When doctors assess a patient’s health, they often measure things like blood pressure, cholesterol and physical activity. A new study suggests that social relationships, in particular positive relationships, are also critical (Social Psychological and Personality Science, March 27, 2023).
How Scientists Studied Positive Relationships:
Researchers in New Zealand wondered how both positive and negative social relationships affect people’s health status. They were also curious about variability in close relationships. Previous studies have focused on stress generated by negative relationships and conflict or on the benefits of social support. How do these interrelate over time to shape health?
Links Between Relationships, Psychology and Physiology:
To answer their questions, they recruited 4,005 volunteers from English-speaking countries around the world. Then the researchers tracked them daily over three weeks. Optic sensors in popular smartphones measured heart rate and blood pressure at intervals and recorded them in an app. In addition to monitoring things like heart rate, blood pressure and stress levels, the subjects in the study provided details about both positive and negative interactions with the people closest to them. They also recorded their answers to questions about coping and perceived stress levels.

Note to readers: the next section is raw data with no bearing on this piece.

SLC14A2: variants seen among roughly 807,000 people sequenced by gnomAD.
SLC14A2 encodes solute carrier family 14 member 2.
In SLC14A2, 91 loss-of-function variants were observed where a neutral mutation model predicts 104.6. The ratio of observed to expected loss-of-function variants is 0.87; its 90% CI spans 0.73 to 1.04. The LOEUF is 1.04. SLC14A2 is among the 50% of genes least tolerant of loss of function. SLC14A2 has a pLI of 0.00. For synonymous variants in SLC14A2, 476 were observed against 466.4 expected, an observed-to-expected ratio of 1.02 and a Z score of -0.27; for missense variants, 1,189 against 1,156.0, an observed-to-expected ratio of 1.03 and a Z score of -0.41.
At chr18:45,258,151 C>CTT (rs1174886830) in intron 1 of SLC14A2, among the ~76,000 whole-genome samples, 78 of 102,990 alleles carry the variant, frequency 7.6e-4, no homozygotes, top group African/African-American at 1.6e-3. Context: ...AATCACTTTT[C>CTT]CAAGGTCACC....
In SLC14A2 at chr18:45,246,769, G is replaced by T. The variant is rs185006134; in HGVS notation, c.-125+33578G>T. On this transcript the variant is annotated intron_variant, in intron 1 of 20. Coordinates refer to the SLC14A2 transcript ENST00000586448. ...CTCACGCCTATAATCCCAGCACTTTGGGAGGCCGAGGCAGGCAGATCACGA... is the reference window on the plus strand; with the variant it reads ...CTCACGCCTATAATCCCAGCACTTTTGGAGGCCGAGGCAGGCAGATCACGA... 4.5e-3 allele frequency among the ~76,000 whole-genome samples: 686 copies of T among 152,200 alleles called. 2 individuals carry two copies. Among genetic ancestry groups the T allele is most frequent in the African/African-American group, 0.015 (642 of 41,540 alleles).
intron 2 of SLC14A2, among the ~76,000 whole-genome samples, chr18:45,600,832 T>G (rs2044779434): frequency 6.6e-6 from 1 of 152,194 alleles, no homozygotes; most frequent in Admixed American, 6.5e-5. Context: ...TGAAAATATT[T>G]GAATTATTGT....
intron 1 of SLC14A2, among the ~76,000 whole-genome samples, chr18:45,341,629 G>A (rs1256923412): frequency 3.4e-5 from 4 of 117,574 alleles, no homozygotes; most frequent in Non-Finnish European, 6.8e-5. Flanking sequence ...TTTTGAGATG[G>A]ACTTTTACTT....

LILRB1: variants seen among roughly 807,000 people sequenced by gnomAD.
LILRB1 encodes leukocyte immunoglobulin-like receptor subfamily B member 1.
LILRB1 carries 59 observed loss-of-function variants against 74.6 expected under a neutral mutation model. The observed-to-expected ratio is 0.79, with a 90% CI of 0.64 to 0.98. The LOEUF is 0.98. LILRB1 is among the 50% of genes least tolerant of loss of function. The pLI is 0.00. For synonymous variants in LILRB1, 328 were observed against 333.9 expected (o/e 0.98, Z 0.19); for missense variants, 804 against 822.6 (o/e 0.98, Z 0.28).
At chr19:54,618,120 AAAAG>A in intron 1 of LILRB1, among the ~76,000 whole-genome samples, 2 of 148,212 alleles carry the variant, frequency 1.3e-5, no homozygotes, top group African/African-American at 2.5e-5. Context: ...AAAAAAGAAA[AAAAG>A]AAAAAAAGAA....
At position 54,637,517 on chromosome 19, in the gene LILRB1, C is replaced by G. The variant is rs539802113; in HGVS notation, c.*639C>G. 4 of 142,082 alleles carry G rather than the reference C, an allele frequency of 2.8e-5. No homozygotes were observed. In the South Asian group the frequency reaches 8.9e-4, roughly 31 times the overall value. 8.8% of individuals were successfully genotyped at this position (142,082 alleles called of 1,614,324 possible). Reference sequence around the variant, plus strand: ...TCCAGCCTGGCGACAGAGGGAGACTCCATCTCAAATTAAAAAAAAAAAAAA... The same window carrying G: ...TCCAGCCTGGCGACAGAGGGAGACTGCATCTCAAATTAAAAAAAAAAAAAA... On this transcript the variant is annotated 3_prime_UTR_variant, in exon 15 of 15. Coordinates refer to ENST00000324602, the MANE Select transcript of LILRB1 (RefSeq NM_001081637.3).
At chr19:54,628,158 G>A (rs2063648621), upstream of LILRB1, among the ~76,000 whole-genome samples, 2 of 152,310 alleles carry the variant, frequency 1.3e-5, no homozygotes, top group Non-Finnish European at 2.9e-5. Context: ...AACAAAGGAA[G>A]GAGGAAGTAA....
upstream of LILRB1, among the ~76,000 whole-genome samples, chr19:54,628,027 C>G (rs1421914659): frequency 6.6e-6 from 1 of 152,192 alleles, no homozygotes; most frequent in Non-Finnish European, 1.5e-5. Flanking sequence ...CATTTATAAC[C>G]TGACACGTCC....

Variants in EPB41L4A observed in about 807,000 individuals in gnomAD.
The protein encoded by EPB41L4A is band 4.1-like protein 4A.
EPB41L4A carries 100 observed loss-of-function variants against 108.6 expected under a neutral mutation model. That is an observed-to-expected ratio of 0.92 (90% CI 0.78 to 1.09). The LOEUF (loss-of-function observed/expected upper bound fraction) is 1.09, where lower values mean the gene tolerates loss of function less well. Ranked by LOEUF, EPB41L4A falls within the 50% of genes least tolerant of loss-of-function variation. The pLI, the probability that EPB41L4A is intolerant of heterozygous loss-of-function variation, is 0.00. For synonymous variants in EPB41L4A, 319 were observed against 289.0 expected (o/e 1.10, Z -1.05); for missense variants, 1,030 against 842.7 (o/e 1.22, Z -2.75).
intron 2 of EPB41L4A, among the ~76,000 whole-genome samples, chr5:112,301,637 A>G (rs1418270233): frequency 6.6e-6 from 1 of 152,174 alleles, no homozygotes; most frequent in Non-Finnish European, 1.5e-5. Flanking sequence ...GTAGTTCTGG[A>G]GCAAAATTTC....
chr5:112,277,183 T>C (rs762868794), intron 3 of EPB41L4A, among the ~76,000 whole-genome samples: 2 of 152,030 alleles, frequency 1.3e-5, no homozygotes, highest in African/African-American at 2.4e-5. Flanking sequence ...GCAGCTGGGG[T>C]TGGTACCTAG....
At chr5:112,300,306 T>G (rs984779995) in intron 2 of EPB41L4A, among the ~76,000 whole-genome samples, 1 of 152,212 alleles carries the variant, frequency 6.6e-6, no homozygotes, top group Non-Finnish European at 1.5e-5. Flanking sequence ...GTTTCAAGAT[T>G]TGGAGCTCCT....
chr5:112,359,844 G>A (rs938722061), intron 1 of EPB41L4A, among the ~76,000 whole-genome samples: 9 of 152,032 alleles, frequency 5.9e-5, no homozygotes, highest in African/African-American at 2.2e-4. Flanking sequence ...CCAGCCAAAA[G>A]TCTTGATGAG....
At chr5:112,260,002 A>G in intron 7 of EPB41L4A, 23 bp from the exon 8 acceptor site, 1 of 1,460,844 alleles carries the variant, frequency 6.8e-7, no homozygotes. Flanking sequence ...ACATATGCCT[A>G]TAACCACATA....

Individuals who reported positive relationships instead of negative interactions had better blood pressure control, lower stress levels and improved overall physiological functioning. In addition, they were less likely to report emotional ups and downs or uncertainty within their primary relationships. With an increase in variability of the emotional quality of their relationships, their systolic blood pressure tended to rise.
Conversely, people who reported more negative relationships seemed to cope better if their interactions were less predictable. In other words, for them variability in the emotional tone of relationships was linked to lower stress, better coping, and even less blood pressure reactivity.
As a result, the investigators suggest that human interactions may have an underappreciated impact on physical well-being.
They go even further, concluding
“The quality of our relationships can determine who lives and dies; this research points to some pathways through which relationships may contribute to or undermine physical health.”
Over the years, we have interviewed several experts who have studied the effects of positive relationships on our health. You may wish to listen to Dr. Steve Trzeciak in Show 1323: Practicing Compassion as a Wonder Drug. Another interview of interest is with Dr. Don Azevedo, Show 1103: What Is the Science of Lasting Relationships? Finally, Dr. Peter Pearson discusses post-pandemic relationships in Show 1258.